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about us: affirmation of non-discrimination

United Way of the Capital Area's Affirmation of Non-discrimination with Respect to Funding of Programs

United Way of the Capital Area, as stated in the vision statement for our community and organization, values people and recognizes the strength in their diversity.

To that end, United Way of the Capital Area shall not discriminate, or fund programs that discriminate, in the provision of services, employment practices or engagement of volunteers on the basis of race, color, religious creed, age, marital status, familial status, national origin, ancestry, sex, mental retardation, mental disability, learning disability, lawful source of income, sexual orientation or physical disability, including but not limited to, blindness or deafness.

United Way of the Capital Area requires every agency seeking support from undesignated donor contributions through the annual Community Campaign to provide a written nondiscrimination policy which affirms that the program does not practice discrimination in employment practices, provision of services or volunteer service based on the criteria specified above.

Policy Implementation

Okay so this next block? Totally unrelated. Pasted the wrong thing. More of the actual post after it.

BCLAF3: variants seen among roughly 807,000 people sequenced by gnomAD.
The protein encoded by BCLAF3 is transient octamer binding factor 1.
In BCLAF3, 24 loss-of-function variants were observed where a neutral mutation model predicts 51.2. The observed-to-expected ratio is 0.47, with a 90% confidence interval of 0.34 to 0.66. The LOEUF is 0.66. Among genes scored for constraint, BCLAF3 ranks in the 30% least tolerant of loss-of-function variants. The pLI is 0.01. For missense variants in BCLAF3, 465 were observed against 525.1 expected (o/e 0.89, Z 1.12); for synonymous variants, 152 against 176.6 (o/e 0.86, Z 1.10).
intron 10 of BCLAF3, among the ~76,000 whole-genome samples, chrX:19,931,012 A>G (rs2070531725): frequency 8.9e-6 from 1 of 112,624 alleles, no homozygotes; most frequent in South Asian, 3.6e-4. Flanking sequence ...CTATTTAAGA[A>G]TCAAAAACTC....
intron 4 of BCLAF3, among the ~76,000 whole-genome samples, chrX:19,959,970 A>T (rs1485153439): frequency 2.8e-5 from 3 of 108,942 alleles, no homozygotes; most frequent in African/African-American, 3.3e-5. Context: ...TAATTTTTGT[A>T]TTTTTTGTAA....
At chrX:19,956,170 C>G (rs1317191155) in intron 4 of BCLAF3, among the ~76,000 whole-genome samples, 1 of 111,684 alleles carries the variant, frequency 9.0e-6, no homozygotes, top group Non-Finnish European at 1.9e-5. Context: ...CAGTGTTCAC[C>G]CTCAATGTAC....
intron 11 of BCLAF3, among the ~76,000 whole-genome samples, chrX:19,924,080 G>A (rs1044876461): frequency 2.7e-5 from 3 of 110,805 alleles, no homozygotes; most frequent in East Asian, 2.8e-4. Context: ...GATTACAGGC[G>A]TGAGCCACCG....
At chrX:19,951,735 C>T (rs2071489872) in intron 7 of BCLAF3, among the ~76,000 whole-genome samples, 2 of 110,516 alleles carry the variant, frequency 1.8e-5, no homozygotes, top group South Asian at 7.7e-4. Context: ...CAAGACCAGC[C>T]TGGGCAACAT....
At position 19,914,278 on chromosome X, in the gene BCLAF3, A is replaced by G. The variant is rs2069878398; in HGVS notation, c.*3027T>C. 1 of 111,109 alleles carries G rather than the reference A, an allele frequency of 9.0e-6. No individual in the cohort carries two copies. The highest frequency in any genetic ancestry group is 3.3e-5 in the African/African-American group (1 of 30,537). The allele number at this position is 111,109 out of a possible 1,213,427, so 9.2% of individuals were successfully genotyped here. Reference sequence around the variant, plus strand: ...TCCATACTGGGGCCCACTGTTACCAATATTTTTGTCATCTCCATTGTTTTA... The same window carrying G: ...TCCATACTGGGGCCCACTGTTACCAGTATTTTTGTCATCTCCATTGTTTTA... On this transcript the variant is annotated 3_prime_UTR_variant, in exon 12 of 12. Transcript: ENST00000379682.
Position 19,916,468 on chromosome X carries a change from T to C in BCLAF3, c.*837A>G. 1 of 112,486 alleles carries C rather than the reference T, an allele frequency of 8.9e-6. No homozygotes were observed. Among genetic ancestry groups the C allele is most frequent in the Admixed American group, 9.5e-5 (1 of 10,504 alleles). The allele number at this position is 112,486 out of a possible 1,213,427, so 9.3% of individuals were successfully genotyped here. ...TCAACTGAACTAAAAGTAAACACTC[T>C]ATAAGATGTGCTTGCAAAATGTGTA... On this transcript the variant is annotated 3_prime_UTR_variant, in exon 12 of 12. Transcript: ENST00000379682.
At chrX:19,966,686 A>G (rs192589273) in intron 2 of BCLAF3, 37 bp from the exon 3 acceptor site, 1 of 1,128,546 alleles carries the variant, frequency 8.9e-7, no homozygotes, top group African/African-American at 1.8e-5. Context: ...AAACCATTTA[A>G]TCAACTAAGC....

• Implementation of this policy will be effective with the allocation of the undesignated funds raised in the 2002 United Way Community Campaign. Agencies applying for funding through the 2002 Campaign, would need to provide a written nondiscrimination statement by April 30, 2002 to qualify.
  • United Way of the Capital Area recognizes that there is a difference between prohibited discrimination and targeted services in program delivery. Discrimination prevents individuals (who would be eligible for the offered service) from receiving service due to some predetermined group characteristic (such as a senior center that refuses service to a couple because of their religion, or a child care center refusing to serve a toddler based on race.) Targeted services empower otherwise disadvantaged individuals and are intended to meet the particular social service needs of a population (such as a senior center for senior citizens or child care for infants to five years of age.)
  • With regard to employment practices and engagement of volunteers, an agency cannot discriminate in their practices by refusing a qualified candidate for either a paid or volunteer position because of a predetermined group characteristic (see above).

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